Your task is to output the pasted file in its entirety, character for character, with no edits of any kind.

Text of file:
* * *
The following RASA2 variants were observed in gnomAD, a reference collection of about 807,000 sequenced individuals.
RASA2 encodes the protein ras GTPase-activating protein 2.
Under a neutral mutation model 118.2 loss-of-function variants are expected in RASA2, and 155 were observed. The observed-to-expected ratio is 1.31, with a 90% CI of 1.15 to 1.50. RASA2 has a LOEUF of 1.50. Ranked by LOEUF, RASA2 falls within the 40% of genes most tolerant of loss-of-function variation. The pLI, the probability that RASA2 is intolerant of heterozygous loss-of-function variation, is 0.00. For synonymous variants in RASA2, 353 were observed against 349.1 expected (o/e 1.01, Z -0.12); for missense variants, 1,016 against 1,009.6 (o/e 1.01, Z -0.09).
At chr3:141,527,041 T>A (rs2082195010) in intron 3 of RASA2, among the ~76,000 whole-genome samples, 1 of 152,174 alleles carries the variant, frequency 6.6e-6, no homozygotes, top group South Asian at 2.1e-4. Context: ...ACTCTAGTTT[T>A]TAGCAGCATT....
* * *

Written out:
The following RASA2 variants were observed in gnomAD, a reference collection of about 807,000 sequenced individuals.
RASA2 encodes the protein ras GTPase-activating protein 2.
Under a neutral mutation model 118.2 loss-of-function variants are expected in RASA2, and 155 were observed. The observed-to-expected ratio is 1.31, with a 90% CI of 1.15 to 1.50. RASA2 has a LOEUF of 1.50. Ranked by LOEUF, RASA2 falls within the 40% of genes most tolerant of loss-of-function variation. The pLI, the probability that RASA2 is intolerant of heterozygous loss-of-function variation, is 0.00. For synonymous variants in RASA2, 353 were observed against 349.1 expected (o/e 1.01, Z -0.12); for missense variants, 1,016 against 1,009.6 (o/e 1.01, Z -0.09).
At chr3:141,527,041 T>A (rs2082195010) in intron 3 of RASA2, among the ~76,000 whole-genome samples, 1 of 152,174 alleles carries the variant, frequency 6.6e-6, no homozygotes, top group South Asian at 2.1e-4. Context: ...ACTCTAGTTT[T>A]TAGCAGCATT....